Aladdin (2019) Review

Guy Ritchie's directorial style is often closely associated with London gangsters and stylish action shots. This style can be seen in his latest endeavor, a live-action remake of Disney's "Aladdin" (the animated version was released back in 1992). The action sequences Aladdin has when running through Agrabah and the collapsing Cave of Wonders sequence are reminiscent of the fantasy-action audiences have previously fallen in love with in films like Indiana Jones and Lord of the Rings.

Will Smith's Genie has been a hot topic of discussion since the first trailer dropped. Much of these complaints are likely stemming from the cynical outlook adults have about corporate decisions to remake films that are held in sentimental regard. It's a strange outlook to have, given that fairy tales and similarly old tales are frequently re-adapted and re-imagined by creatives. If anything, the cartoonish appearance of Will Smith's Genie when blue creates a hybridization of the original animated format with the contemporary live-action one.

Smith was understandably weary of stepping into a role that was made iconic and beloved by Robin Williams but he only agreed once he found a way to make the role his own. Robin Williams was successful as the Genie because he had the freedom to model the character after his own style of comedy. Smith has done the same thing both in regards to the characterisation and the film's music. While Williams' high-energy, fast-talking, rolodex of impersonations was perfect for a cartoon, Smith's Genie expands more on the dramatic side of his character. The audiences gains a deeper emotional insight into what Genie experiences by being trapped in this role for so long and how much it means to him to be free from this entrapment.

CGI is also used to render the animal characters, Abu, Iago, and Raja. Being that this is a live-action film, these animals were never going to work as anthropomorphized characters the way they were in the animated film. Iago communicates with Jafar but apart from that, these animals aren't intended to be particularly expressive in how they contribute to the story's narrative. Though they take a backseat to their animated counterparts as far as expression goes, the 2019 Aladdin more than makes up for this by allowing the lead characters to be more developed.

Mena Massoud is fantastic as Aladdin. There's a consistent charm he has that not only allows the audience to fall for him but is also important in developing the attraction between him and Jasmine as well as the friendship with Genie. The depth of these relationships feels more substantiated than how they are in the animated film but without slowing down the pace of the story.

Naomi Scott as Jasmine stands out just as significantly. She's full of fire and passion, and her new song "Speechless" is one of the most powerful dramatic performances of the entire film. Alan Menken did the music for the animated Aladdin and was brought back to work his magic again for this adaptation. This new Jasmine also has a character revamp. In the animated film, her main conflict came from her lack of freedom to choose who she'll marry. This time, she is seeking to become the Sultan of Agrabah after her father. She cares about her people and though the film makes a point of never having her naysayers explicitly state that she can't perform these duties because she's a woman, the implication of their negative sentiment is entirely clear.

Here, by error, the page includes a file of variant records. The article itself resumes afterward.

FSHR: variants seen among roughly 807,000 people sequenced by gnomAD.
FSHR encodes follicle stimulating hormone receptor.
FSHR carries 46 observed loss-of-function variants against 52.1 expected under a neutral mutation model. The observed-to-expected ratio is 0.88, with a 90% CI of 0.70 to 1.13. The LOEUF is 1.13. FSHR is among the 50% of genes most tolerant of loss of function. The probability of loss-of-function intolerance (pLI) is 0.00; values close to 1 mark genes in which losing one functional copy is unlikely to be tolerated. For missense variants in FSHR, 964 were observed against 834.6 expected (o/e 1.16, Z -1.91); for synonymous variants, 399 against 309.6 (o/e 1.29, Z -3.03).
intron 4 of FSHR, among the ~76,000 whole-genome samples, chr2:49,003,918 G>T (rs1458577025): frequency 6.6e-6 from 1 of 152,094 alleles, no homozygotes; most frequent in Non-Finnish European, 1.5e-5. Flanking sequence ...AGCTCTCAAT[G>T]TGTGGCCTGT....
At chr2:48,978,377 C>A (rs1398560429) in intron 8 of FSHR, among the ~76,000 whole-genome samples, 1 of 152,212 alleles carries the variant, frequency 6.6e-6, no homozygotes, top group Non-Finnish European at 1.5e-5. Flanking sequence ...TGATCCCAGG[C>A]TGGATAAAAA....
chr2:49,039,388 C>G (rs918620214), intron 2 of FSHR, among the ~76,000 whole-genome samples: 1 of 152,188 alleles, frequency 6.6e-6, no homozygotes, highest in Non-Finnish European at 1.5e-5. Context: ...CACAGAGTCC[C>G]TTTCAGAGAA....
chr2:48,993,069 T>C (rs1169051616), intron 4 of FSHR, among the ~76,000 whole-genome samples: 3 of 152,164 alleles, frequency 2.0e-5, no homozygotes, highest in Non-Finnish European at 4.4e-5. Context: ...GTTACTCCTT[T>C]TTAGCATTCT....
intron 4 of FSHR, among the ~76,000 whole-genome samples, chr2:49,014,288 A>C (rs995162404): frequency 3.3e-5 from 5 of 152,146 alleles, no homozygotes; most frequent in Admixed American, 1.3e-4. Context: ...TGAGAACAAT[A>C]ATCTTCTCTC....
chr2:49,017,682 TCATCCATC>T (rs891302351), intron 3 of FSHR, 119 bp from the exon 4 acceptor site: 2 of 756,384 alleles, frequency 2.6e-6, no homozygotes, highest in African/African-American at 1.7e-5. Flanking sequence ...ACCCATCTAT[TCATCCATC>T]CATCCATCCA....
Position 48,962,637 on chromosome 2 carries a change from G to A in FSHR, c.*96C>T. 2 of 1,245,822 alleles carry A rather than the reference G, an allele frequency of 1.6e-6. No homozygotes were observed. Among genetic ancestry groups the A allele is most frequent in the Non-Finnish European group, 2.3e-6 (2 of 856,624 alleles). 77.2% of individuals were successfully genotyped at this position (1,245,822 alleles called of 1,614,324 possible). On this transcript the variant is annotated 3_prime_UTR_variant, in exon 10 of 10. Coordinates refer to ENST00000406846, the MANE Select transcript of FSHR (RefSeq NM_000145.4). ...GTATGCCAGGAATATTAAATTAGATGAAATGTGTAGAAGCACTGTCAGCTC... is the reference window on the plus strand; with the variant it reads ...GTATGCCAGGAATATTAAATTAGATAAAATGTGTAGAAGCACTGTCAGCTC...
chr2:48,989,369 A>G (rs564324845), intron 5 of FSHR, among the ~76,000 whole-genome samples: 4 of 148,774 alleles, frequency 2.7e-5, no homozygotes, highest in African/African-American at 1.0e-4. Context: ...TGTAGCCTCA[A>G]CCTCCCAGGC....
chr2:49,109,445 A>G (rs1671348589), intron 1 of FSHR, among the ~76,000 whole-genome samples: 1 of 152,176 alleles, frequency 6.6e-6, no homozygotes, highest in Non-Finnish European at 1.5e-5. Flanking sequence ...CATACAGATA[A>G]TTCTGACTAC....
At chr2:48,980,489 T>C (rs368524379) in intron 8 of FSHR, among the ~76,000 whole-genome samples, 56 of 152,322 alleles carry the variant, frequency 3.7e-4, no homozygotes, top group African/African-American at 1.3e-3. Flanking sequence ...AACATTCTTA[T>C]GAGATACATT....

The costumes and set design are beautifully designed and constructed. Having such a strong Middle-Eastern, South Asian influence on the presentation is not only good for the representation it can offer viewers who are unaccustomed to seeing themselves as the stars of Hollywood productions but on an aesthetically level this in cultural influence also offers a rich tapestry when developing the design. Visually, this film is bold, vibrant, and the Bollywood influence on certain dance numbers is also commendable.

This version of Jafar has received some extra criticism, which is odd considering that Disney's fairytale films have never been the go-to destination for nuanced villains. More often than not, the heroes and villains are presented with clear lines drawn between the two sides. In actuality, Jafar has also been changed for the better in this adaptation compared to the animated version. Before, Jafar was a creepy old pervert obsessed with wanting to get with Jasmine. He put her in a slave outfit and she ended up using her sexuality to try to help defeat him. It's not exactly something that should be put in a film first and foremost intended for children. This time around Jafar's origins have more context and the focus is shifted to his lust for power. Agrabah feels more real because of various discussions characters have about its allies and potential invasions.

The 2019 Aladdin is updated in the ways that matter while retaining the sense of adventure and wonder of the animated version. Guy Ritchie makes the smart choice to jump right into the action instead of wasting time on exposition that absolutely no ones needs because of how familiar the audience is with the previous adaptation. As a result, the heroes have more time to show how they have been updated and establish the depth of their relationships with one another. It's bright, colourful, exuberant, fun, and the songs and dance numbers are stellar. Whether you're going to bring your children, young relatives, or just see it on your own, there is plenty of enjoyment to be had.

Aladdin is playing now in cinemas worldwide.

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